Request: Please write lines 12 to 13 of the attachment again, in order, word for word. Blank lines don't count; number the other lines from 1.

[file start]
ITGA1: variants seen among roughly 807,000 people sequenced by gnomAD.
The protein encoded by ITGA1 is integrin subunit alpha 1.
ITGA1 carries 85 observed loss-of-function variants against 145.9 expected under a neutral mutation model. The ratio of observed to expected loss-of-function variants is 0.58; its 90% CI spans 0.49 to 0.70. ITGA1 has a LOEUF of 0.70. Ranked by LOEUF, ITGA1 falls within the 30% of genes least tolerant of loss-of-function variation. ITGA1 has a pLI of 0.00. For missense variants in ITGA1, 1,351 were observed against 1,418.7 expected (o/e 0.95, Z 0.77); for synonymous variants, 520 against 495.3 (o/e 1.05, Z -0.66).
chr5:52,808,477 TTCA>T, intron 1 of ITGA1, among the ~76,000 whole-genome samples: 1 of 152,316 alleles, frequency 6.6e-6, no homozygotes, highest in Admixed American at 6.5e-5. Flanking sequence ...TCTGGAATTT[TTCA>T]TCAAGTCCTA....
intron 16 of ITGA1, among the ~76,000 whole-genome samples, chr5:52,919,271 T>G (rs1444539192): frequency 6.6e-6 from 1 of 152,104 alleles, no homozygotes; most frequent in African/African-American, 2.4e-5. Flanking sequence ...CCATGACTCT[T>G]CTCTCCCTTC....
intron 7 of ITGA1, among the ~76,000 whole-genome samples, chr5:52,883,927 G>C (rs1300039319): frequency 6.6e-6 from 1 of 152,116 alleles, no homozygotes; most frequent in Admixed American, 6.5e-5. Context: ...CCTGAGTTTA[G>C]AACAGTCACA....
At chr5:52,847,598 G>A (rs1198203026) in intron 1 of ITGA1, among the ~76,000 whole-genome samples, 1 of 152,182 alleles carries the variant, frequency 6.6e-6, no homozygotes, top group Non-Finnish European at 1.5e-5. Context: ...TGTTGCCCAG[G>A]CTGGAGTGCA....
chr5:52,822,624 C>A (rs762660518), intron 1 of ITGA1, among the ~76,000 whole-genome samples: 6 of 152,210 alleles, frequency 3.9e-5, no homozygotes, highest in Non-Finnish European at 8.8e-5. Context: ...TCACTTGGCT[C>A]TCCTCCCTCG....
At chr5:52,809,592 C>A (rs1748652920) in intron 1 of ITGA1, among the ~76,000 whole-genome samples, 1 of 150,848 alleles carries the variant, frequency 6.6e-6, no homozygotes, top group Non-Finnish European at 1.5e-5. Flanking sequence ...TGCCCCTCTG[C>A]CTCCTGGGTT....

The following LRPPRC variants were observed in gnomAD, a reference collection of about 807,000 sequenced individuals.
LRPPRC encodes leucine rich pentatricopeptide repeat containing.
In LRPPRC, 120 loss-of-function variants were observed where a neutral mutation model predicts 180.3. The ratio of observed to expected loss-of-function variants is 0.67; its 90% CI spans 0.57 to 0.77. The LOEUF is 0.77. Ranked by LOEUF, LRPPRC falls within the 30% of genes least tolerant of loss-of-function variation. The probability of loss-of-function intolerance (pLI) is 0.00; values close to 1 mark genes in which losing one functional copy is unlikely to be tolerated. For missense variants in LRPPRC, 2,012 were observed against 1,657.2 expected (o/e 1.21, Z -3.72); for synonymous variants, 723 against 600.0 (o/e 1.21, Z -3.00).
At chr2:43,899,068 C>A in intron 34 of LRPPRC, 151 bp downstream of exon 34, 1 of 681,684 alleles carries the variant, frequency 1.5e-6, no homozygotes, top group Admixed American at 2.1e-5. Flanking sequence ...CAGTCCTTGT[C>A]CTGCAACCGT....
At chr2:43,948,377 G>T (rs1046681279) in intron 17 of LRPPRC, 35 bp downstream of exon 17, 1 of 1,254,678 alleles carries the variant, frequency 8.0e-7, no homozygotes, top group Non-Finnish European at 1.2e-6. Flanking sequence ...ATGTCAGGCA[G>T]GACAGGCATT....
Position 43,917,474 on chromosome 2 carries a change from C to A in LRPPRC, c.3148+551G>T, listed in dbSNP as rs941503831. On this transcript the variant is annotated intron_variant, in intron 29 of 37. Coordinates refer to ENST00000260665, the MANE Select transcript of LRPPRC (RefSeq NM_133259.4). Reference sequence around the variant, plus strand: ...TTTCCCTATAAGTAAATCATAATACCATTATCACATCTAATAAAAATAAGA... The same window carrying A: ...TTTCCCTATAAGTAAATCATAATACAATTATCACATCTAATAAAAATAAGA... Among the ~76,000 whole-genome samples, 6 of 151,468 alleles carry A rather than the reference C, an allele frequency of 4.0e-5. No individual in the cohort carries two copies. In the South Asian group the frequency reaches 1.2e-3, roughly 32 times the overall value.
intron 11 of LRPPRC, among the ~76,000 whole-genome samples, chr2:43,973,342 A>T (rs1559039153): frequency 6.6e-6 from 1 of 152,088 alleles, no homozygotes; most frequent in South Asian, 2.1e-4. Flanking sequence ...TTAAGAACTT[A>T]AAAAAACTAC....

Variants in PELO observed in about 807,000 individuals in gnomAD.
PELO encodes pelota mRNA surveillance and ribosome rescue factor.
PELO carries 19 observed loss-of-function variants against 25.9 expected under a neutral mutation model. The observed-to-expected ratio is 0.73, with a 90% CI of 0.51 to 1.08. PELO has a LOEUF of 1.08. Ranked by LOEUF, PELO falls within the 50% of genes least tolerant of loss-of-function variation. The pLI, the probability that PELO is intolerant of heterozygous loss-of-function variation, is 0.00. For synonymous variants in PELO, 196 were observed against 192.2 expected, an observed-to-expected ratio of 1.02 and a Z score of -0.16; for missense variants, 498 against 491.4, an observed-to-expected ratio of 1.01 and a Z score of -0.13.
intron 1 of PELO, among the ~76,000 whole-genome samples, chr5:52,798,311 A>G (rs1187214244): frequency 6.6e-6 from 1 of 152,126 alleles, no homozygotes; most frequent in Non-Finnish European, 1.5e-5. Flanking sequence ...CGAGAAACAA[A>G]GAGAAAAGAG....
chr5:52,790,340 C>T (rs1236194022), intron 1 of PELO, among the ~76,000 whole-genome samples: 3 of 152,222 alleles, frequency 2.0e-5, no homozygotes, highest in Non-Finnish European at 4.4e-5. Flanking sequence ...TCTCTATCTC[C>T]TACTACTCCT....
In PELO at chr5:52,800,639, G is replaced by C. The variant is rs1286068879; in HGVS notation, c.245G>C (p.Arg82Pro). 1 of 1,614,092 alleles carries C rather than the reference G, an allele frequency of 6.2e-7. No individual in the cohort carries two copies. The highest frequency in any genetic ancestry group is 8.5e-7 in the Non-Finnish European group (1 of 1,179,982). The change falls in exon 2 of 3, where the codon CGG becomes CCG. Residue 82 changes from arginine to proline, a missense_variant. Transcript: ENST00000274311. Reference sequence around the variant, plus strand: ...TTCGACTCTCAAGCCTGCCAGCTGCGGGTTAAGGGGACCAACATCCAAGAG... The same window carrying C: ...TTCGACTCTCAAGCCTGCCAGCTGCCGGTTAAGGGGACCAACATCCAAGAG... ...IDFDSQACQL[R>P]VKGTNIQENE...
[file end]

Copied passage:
In LRPPRC, 120 loss-of-function variants were observed where a neutral mutation model predicts 180.3. The ratio of observed to expected loss-of-function variants is 0.67; its 90% CI spans 0.57 to 0.77. The LOEUF is 0.77. Ranked by LOEUF, LRPPRC falls within the 30% of genes least tolerant of loss-of-function variation. The probability of loss-of-function intolerance (pLI) is 0.00; values close to 1 mark genes in which losing one functional copy is unlikely to be tolerated. For missense variants in LRPPRC, 2,012 were observed against 1,657.2 expected (o/e 1.21, Z -3.72); for synonymous variants, 723 against 600.0 (o/e 1.21, Z -3.00).
At chr2:43,899,068 C>A in intron 34 of LRPPRC, 151 bp downstream of exon 34, 1 of 681,684 alleles carries the variant, frequency 1.5e-6, no homozygotes, top group Admixed American at 2.1e-5. Flanking sequence ...CAGTCCTTGT[C>A]CTGCAACCGT....